The typical connection for 12V panels using a PWM Controller is a parallel connection. This connection increases the current, but keeps the voltage level the same. When placing multiple panels in parallel, it is necessary to size the wire gauge accordingly, and keep the distance between the solar array and the controller as close as possible.

Long runs of cable between the panel(s) and the controller increase the line loss if the gauges are not properly sized. We recommend keeping the distance between the solar array and the controller as close as possible.

RENOGY

provides a gauge-sizing tool, available for no charge at: http://www.renogy-store.com/category-s/1864.htm

Please refer to Figure 6.3. This figure shows the extending of the output wires of the RNG-100D Solar Panel using the adapter kit. The polarity labeled on the panel’s leads should be the only ones to follow. When adapting the leads, mark the

positive (+)

cable; doing so will avoid reverse polarity when connecting the panel(s) to the controller.

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Figure 6.3 Solar panel and adapter kit

6.4 Solar Panel to charge controller

Once the battery is connected to the charge controller and the panel(s) are positioned and mounted in the desired location, we are ready to connect the panel(s) to the charge controller. Panels should be mounted in a place that is free from shading by neighboring obstacles such as vents, air-conditioners, TV antennas, etc.

The panel MUST be covered with a dark cloth to prevent the solar cells from producing energy; this will prevent and reduce shock hazard, which can be life threatening.

Hazard!

Please refer to Figure 6.4 when completing the following connections:

1.

First, mate the “Male” MC4 Connector from the solar panel that has the negative (−) label with the “Female” MC4

Connector of your adapter kit as shown in Figure 6.4. Then connect the bare stranded portion of the cable to the

negative (−) solar input terminal on the charge controller.

2.

Next, mate the “Female” MC4 connector from the panel that has the

positive (+)

label with the “Male” MC4 connector of your adapter kit as show in Figure 6.4.

3.

The

positive (+)

solar cable can be fused for protection; an in-line fuse can be added to this cable in the same way as described in the instructions for battery to controller connection. Please refer to section 6.1 and follow the same procedure to find the proper size of this fuse.

4.

Once the fuse holder is in place, don’t attach a fuse just yet. Connect the bare stranded portion of the cable to the

positive (+)

solar terminal on the charge controller. Ensure that all connections are made properly, and that there are not any loose connections present. Finally, insert the fuse into the fuse holder and remove the protective cloth.

If there is enough sunlight present, the controller’s solar LED indicator/icon on the LCD display should show that it is now charging your battery(s).

5.

If opting for no in-line fuse, connect the bare stranded portion of the adapter cable to the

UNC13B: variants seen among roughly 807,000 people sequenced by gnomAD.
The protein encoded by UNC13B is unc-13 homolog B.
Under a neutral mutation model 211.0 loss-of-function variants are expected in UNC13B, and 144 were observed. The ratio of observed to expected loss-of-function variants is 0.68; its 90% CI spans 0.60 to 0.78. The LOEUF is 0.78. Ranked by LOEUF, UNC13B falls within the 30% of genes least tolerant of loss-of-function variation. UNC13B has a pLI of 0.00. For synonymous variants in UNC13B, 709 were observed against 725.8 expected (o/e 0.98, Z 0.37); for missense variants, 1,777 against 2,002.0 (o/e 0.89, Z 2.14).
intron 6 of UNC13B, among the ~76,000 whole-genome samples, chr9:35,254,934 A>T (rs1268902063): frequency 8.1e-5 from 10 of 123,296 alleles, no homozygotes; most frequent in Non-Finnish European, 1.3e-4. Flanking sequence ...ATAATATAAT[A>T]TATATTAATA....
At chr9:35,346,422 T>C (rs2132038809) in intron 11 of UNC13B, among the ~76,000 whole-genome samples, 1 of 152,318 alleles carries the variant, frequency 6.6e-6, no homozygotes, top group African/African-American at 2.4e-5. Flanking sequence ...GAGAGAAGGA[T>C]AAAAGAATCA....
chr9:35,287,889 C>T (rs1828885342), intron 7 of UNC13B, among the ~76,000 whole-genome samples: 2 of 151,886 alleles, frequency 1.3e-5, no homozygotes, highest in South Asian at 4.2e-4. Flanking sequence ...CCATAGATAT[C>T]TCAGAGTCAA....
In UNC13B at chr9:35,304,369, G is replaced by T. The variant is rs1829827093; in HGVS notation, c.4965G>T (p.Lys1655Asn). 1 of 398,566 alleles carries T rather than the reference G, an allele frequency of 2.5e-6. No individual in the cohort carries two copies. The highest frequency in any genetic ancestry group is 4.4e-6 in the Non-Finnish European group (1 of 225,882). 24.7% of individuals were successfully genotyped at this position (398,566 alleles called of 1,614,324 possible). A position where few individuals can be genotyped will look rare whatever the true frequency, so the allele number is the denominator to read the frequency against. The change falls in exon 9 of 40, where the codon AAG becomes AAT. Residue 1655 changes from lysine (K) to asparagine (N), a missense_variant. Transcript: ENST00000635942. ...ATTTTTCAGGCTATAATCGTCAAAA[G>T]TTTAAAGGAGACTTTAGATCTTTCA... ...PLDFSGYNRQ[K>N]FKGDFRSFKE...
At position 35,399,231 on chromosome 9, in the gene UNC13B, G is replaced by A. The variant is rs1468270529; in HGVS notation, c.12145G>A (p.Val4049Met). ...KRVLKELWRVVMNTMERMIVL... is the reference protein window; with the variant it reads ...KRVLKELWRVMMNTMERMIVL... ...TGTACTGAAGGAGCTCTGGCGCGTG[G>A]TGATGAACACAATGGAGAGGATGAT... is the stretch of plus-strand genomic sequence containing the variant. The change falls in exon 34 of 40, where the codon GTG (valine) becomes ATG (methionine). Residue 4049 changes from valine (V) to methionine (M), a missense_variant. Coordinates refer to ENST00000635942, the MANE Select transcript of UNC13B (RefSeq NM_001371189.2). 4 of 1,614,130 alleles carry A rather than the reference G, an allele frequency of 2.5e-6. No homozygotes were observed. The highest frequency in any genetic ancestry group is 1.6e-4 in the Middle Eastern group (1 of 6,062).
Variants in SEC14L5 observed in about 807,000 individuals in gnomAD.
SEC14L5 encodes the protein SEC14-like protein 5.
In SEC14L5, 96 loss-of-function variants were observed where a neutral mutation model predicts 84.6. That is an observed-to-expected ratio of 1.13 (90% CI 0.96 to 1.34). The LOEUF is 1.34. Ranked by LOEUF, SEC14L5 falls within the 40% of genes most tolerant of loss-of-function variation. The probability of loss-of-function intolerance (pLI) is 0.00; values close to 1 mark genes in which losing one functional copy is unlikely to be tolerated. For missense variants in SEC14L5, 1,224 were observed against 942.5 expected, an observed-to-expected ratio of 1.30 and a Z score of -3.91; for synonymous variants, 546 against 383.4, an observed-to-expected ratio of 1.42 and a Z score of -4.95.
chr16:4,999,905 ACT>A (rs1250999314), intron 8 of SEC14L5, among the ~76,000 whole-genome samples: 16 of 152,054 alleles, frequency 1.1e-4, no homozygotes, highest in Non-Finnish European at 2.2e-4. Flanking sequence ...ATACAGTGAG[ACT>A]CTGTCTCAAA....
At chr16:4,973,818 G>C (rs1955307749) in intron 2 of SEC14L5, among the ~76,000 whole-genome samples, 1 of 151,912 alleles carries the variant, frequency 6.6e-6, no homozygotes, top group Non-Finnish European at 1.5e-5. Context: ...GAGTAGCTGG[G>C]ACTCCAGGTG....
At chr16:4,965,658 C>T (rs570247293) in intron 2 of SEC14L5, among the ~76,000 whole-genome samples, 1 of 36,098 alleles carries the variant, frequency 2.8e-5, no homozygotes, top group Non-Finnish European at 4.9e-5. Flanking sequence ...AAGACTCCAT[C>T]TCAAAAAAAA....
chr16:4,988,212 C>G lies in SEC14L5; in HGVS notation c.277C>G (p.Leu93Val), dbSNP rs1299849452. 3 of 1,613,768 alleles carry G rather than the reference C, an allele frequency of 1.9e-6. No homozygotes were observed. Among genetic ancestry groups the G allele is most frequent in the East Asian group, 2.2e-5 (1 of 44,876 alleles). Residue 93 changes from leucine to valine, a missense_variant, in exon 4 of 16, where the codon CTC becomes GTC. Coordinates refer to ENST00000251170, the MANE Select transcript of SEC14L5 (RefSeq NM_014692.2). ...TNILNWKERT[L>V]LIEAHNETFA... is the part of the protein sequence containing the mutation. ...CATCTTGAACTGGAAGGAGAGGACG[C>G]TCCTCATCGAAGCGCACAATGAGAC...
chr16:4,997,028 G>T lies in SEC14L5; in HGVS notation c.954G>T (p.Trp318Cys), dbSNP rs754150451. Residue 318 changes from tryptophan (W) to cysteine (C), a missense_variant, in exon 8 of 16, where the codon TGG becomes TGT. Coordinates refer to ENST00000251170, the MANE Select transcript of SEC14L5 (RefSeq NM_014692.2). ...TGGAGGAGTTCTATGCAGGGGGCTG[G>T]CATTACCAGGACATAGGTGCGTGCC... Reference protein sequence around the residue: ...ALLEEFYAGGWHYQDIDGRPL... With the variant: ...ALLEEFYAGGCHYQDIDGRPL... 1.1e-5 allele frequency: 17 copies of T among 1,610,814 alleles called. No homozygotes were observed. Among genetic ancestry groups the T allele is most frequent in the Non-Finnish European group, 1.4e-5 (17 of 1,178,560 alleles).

positive (+)

solar input terminal on the charge controller. Remove the protective cloth. If there is enough sunlight present, the controller’s solar LED indicator/icon on the LCD display should show that it is now charging your battery(s).

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14

Figure 6.4 Completed 12V off-grid system

Figure 6.4 shows the complete wiring of a typical off-grid system. It includes fuses for safety and protection. This configuration shows only one panel and one battery connected to the controller. In Sections 8 and 9, more panel and battery configurations (respectively) will be described. Instructions will follow.

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24V WIRING BASICS

7.1 General information

In this section we will show the basic connections for a 24V battery system. Please follow them thoroughly.

The batteries must first be wired to the charge controller before the solar panel is connected to the charge controller.

Caution!

As we mentioned in

Section 6.1

, the battery bank must first be connected to the charge controller before any other connections are made. This will allow the controller to set the 24V charging parameters automatically.

Before starting the connections keep in mind the following:

The charge controller should be as close as possible to the batteries. This helps keeping line loss to a minimum level.

Remember to always use the recommended gauge size based on the total input current. The PWM 30A LCD controller can handle gauges up to 8 AWG.

AWG

Max. Current

NEC maximum current for different copper wire sizes

16

10A

14

15A

12

20A

10

30A

8

55A

6

75A

4

95A

2

130A

0

170A

Please note the following about PWM controllers running in 24V configuration:

24V panels or 12V panels configured in series to make 24V should be used with 24V battery system only

It is not recommended that you charge a 12V battery system with a 24V solar array. Doing so will result in a performance loss of 50%.

The solar array should not max out the rated power of the controller. Failure to obey this rule may result in the controller overheating or catching fire.

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15

7.2 Overall system connections

Please refer to Figure 7.1 for the overall wiring diagram for a 24V system.

Figure 7.1 Completed 24V off-grid system

As you can see from Figure 7.1, the batteries are configured in 24V by placing two identical 12V batteries in series.

Likewise, the solar array is configured in 24V by placing two identical 12V panels (e.g. RNG-100D) in series.

The connections for a 24V off-grid system are very similar to the 12V connections. The process should be followed in the same way as outlined in

Sections 6.1 to 6.4